Today, a new generation of equipment is changing the way mail flows and improving productivity. Multiline optical character readers (MLOCRs) read the entire address on an envelope, spray a barcode on the envelope, then sort it at the rate of more than nine per second. Wide area barcode readers can read a barcode virtually anywhere on a letter. Advanced facer-canceler systems face, cancel, and sort mail. The remote barcoding system (RBCS) provides barcoding for handwritten script mail or mail that cannot be read by OCRs.
The ZIP+4 code reduced the number of times that a piece of mail had to be handled. It also shortened the time carriers spent casing their mail (placing it in order of delivery). First tested in 1991, the delivery point barcode, which represents an 11-digit ZIP Code, will virtually eliminate the need for carriers to case mail because mail will arrive in trays at the delivery post office sorted in “walk sequence.” The MLOCR reads the barcode and address, then constructs a unique 11-digit delivery point barcode using the Postal Service’s National Directory and the last two digits of the street address. Then barcode sorters put the mail in sequence for delivery.
Until now, most of the emphasis in automation has been processing machine-imprinted mail. Still, letter mail with addresses that were handwritten or not machine-readable had to be processed manually or by a letter sorting machine. The RBCS now allows most of this mail to receive delivery point barcodes without being removed from the automated mailstream. When MLOCRs cannot read an address, they spray an identifying code on the back of the envelope. Operators at a data entry site, which may be far from the mail processing facility, read the address on a video screen and key a code that allows a computer to determine the ZIP Code information. The results are transmitted back to a modified barcode sorter, which pulls the 11-digit ZIP Code information for that item, and sprays the correct barcode on the front of the envelope. The mail then can be sorted within the automated mailstream.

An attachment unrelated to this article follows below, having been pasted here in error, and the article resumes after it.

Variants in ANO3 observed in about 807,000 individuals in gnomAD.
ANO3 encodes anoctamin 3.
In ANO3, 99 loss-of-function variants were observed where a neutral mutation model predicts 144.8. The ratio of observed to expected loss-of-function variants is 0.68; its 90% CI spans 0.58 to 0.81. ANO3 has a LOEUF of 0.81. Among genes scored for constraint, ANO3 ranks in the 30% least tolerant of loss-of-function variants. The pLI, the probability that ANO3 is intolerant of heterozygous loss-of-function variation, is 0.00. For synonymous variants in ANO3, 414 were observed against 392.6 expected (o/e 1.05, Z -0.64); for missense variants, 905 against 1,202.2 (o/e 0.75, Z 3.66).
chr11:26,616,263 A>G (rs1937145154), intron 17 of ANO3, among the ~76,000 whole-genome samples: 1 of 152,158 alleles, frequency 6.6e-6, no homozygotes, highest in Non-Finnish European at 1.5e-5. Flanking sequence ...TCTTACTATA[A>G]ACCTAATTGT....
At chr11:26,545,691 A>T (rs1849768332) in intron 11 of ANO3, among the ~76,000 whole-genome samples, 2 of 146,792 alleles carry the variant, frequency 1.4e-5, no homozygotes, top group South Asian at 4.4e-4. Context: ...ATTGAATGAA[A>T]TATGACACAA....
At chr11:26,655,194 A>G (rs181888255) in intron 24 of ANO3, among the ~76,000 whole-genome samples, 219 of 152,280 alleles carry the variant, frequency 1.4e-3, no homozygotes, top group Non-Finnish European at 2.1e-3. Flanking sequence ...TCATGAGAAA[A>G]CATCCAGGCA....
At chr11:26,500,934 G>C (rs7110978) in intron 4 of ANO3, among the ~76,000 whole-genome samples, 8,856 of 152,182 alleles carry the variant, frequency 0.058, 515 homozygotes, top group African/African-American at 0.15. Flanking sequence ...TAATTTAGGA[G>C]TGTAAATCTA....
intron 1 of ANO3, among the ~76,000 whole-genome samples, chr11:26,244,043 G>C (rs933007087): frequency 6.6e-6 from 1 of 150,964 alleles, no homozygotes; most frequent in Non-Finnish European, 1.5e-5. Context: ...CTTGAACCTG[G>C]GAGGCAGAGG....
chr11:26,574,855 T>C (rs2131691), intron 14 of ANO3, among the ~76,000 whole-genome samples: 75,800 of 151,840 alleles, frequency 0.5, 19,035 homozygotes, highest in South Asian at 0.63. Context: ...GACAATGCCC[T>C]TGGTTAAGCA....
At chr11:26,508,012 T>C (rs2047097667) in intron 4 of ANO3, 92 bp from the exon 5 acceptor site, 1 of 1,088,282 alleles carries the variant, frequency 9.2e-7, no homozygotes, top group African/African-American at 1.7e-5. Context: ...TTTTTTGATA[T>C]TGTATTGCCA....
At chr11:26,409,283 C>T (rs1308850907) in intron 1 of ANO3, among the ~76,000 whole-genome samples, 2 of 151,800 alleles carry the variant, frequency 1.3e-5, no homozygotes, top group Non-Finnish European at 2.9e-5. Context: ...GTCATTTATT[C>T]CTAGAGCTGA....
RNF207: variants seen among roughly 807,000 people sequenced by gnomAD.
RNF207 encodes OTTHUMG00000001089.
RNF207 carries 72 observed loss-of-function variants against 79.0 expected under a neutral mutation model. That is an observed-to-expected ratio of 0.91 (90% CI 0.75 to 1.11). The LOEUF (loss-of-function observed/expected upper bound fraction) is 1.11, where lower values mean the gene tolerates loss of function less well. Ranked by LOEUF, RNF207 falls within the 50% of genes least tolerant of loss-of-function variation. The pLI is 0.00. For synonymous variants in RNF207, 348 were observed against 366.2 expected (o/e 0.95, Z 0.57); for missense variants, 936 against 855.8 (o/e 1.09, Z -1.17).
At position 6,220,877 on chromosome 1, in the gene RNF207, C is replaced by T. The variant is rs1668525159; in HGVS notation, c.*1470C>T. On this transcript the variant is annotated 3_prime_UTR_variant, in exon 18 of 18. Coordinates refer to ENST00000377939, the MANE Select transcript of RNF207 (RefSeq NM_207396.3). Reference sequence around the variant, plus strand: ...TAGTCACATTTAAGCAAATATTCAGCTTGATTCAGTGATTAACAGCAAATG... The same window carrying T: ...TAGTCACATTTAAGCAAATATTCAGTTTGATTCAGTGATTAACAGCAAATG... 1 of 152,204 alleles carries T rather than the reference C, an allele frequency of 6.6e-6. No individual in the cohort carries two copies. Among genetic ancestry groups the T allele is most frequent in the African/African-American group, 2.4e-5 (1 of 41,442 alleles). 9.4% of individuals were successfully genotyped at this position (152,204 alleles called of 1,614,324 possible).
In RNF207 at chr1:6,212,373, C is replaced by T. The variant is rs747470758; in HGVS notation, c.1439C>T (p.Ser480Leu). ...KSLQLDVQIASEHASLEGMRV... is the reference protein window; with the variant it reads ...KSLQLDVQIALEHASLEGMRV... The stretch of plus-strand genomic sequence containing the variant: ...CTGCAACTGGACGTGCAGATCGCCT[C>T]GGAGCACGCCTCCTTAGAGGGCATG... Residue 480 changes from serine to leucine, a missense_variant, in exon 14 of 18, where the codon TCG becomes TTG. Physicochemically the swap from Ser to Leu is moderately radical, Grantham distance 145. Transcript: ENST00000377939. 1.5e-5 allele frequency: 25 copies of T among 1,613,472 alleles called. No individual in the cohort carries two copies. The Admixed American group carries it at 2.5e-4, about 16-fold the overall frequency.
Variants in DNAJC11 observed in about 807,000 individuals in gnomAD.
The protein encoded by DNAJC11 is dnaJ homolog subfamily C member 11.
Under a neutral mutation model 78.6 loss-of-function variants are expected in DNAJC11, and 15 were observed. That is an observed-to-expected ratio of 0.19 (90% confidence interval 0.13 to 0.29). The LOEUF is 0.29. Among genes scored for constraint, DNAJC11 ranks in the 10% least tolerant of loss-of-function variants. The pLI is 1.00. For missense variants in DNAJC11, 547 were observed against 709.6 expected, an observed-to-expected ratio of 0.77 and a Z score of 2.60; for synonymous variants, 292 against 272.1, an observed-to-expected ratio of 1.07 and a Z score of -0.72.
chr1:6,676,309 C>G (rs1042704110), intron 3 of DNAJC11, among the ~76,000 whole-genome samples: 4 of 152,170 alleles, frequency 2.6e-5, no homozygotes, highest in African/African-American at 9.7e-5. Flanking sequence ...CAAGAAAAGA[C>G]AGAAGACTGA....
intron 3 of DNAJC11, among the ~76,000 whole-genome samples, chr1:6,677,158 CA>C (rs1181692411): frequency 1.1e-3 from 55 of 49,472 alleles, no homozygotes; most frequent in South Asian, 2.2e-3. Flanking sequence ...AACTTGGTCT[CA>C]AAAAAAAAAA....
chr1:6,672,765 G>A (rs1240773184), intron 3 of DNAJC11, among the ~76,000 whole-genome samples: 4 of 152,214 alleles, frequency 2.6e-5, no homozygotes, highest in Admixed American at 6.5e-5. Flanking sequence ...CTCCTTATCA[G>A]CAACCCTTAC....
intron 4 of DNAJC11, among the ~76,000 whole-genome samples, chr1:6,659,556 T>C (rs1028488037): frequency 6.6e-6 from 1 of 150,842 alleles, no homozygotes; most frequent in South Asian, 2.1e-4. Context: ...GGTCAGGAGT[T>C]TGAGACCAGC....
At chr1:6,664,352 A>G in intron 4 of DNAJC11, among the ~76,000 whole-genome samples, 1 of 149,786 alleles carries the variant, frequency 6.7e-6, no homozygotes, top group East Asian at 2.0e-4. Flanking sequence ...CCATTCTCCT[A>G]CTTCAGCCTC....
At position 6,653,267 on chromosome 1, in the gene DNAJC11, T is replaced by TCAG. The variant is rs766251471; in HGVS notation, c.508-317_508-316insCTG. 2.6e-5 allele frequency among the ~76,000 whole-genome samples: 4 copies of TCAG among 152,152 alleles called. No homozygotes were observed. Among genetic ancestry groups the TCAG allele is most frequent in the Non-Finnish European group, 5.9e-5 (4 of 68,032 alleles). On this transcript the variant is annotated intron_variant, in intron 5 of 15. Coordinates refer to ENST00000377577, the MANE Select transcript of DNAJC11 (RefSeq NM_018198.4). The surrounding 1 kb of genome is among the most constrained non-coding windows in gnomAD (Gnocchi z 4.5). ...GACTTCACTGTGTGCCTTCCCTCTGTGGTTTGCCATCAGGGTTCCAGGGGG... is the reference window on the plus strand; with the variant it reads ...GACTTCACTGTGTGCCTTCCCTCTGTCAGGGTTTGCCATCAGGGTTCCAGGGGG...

Handling Paper Flow
Letter mail represents approximately 70 percent of the Postal Service’s total mail volume, so development of letter mail equipment has received the most attention. In addition to letter-mail processing, the Postal Service is taking steps to automate mail-forwarding systems and the processing of flats and parcels. The Postal Service also has accelerated installation of automated equipment in lobbies to serve customers better. The backbone of this effort is the integrated retail terminal (IRT), a computer that incorporates an electronic scale. It provides information to customers during a transaction and simplifies postal accounting by consolidating data. Postage validation imprinters have been attached to the IRTs to produce a self-sticking postage label that has a barcode for automated processing.
Competition and Change
In 1991, overall mail volume dropped for the first time in 15 years. The following year, volume rose only slightly, and the Postal Service narrowly avoided the first back-to-back declines in mail volume since the Great Depression.
Competition grew for every postal product. The rise of fax machines, electronic communications, and other technologies offered alternatives for conveying bills, statements, and personal messages. Entrepreneurs and publishing companies set up alternate delivery networks in an attempt to hold down the costs of delivering magazines and newspapers. Many third-class mailers, finding their mailing budgets reduced and their postage rates increased higher than expected, began shifting some of their expenditures to other forms of advertising, including cable television and telemarketing. Private companies continued to dominate the market for the urgent delivery of mail and packages.